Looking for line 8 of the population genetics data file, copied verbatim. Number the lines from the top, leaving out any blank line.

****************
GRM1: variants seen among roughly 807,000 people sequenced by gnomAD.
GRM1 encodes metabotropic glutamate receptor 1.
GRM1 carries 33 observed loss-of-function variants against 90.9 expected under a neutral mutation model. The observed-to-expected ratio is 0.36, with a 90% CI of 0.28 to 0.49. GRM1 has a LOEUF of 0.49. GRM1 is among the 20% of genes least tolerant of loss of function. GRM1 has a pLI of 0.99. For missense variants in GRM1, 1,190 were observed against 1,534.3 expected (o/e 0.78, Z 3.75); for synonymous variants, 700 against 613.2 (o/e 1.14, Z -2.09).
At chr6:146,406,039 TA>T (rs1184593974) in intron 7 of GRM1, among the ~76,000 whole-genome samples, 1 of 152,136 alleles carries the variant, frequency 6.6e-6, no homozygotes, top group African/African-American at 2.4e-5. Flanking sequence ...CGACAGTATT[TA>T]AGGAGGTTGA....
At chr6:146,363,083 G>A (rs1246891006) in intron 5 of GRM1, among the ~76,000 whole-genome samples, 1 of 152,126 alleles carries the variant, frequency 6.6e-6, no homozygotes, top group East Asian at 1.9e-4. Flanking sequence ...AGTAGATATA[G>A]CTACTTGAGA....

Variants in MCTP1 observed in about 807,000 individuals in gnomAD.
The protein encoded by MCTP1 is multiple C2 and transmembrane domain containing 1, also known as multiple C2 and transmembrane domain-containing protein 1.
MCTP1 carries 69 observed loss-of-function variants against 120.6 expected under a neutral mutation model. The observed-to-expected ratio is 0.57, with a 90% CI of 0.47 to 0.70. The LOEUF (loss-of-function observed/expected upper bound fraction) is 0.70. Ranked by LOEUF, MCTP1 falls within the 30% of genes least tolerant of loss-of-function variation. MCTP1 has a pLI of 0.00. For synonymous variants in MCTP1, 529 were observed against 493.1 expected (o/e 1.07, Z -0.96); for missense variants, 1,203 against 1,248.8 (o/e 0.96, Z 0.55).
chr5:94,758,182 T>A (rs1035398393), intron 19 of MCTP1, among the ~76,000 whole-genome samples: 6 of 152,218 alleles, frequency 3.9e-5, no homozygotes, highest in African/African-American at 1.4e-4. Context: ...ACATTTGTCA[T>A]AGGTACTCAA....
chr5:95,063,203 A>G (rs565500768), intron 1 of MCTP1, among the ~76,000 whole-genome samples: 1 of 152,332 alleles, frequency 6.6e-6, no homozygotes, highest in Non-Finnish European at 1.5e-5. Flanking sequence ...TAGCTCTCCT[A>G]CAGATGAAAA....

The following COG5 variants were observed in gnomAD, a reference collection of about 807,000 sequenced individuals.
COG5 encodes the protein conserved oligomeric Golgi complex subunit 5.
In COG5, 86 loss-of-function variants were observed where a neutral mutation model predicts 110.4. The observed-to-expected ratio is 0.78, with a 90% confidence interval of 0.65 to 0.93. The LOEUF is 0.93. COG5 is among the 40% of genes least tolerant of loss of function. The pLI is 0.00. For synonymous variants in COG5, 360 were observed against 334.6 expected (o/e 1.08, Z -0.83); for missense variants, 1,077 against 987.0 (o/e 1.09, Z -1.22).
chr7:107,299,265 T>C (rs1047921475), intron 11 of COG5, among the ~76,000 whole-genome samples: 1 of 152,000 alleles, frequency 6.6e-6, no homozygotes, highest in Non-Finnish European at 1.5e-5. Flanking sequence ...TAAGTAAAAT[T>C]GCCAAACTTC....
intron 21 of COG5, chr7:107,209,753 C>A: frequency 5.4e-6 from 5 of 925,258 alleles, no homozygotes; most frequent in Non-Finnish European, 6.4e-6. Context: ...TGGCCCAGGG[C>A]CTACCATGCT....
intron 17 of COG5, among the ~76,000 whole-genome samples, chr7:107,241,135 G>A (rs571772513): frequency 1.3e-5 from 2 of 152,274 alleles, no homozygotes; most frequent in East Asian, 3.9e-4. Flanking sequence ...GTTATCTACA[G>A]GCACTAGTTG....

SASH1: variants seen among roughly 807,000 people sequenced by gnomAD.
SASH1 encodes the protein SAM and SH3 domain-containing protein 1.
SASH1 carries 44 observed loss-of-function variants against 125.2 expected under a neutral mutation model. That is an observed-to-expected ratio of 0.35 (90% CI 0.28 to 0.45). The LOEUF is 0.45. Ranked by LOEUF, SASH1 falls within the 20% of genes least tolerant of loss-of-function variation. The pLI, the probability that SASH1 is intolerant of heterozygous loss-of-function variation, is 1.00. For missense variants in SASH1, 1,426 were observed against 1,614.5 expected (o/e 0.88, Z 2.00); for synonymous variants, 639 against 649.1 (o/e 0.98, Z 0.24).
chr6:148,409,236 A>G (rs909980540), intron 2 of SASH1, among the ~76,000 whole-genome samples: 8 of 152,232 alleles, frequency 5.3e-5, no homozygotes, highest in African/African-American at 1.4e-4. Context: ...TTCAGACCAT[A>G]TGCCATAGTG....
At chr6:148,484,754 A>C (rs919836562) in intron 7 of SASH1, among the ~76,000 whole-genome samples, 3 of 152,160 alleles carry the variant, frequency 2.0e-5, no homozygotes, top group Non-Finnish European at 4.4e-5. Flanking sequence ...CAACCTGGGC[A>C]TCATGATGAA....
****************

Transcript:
MCTP1 carries 69 observed loss-of-function variants against 120.6 expected under a neutral mutation model. The observed-to-expected ratio is 0.57, with a 90% CI of 0.47 to 0.70. The LOEUF (loss-of-function observed/expected upper bound fraction) is 0.70. Ranked by LOEUF, MCTP1 falls within the 30% of genes least tolerant of loss-of-function variation. MCTP1 has a pLI of 0.00. For synonymous variants in MCTP1, 529 were observed against 493.1 expected (o/e 1.07, Z -0.96); for missense variants, 1,203 against 1,248.8 (o/e 0.96, Z 0.55).